When Broxah left Team Liquid for CLG this past offseason, public perception instantly pegged the swap as a downgrade. Leaving a top North American League of Legends team behind in favor of a franchise that failed to finish above ninth place at any point this past season is a move that has the potential to raise countless question marks.
But for the veteran jungler, his second season in the LCS is set to be marked by what he can do with the fragments of a struggling franchise. The opportunity to bring an organization back from the brink is staring back at him.
In the span of just one season, Broxah’s role has shifted completely. With Liquid, he was the missing piece—the positional upgrade that would ensure regional dominance for years to come. Now, on CLG, he’s being tasked with the responsibility of serving as a central anchor for a complete rebound.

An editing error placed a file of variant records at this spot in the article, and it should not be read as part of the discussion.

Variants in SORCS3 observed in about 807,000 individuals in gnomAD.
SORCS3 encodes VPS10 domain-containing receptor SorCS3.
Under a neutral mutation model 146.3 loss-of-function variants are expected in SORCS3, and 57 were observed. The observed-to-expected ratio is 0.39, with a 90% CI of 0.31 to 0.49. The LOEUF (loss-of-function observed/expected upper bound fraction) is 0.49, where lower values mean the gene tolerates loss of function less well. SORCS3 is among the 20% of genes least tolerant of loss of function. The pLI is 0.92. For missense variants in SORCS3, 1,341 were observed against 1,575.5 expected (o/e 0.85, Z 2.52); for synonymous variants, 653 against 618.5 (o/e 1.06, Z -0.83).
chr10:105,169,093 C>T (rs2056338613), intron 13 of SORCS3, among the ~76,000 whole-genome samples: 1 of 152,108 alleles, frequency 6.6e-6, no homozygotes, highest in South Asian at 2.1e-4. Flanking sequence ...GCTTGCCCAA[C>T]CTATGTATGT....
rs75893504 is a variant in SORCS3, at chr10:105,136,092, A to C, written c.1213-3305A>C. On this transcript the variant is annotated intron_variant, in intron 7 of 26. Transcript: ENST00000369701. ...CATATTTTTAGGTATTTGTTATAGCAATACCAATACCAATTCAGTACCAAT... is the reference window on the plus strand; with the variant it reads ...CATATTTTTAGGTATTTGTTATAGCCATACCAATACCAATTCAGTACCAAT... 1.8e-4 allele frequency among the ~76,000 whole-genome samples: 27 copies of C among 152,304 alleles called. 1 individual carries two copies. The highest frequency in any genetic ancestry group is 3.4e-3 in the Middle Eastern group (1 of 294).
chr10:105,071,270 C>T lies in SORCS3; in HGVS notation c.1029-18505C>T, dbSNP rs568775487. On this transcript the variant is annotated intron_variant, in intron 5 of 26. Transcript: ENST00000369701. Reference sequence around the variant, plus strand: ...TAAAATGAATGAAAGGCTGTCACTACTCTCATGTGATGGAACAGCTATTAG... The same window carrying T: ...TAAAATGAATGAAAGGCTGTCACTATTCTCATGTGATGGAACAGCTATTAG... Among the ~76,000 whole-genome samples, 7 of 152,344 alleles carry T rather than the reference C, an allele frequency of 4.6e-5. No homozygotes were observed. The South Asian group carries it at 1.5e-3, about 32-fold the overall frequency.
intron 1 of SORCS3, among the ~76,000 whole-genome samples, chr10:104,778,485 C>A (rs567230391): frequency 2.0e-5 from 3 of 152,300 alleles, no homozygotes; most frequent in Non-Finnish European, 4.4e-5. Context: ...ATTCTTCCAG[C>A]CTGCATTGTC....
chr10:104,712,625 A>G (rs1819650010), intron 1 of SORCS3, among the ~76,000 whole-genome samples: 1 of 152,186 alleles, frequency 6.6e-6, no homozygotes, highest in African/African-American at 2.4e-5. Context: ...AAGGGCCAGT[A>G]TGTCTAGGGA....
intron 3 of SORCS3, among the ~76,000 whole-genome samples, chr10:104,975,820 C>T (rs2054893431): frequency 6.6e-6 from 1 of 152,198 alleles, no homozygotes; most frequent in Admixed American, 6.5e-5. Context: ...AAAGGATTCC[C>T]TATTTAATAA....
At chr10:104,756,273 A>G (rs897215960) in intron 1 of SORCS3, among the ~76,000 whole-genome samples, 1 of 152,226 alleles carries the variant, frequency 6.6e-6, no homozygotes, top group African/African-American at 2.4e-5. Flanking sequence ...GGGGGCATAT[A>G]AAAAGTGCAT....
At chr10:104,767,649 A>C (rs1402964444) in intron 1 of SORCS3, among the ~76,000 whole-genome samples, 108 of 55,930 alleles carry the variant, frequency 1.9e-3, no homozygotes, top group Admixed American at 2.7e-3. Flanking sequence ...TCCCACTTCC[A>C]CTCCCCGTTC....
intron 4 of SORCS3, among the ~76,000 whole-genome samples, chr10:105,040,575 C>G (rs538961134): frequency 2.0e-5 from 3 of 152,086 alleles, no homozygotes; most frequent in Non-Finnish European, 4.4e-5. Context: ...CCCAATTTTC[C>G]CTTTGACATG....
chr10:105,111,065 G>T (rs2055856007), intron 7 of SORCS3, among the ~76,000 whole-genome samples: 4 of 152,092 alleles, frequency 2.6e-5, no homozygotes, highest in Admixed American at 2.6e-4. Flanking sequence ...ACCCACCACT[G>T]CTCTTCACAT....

Stranger in a strange land
After jump-starting his career with Fnatic in 2017, Broxah spent three years with the organization, winning two LEC titles along the way. But once the team started to dissolve following the departure of its star mid laner Caps, Broxah was the next domino to fall. Fnatic’s supposed franchise jungler found himself coming to North America ahead of the 2020 season, joining an already dominant Liquid roster.
But a match seemingly made in roster-building heaven just wasn’t meant to be. “My first year in NA was really difficult for me,” Broxah told Dot Esports. “When I arrived in Los Angeles during the Spring Split, everything had already collapsed. It was a bit of a disaster to begin with and at that moment, I was a bit out of it. I hadn’t been in a situation like that before.”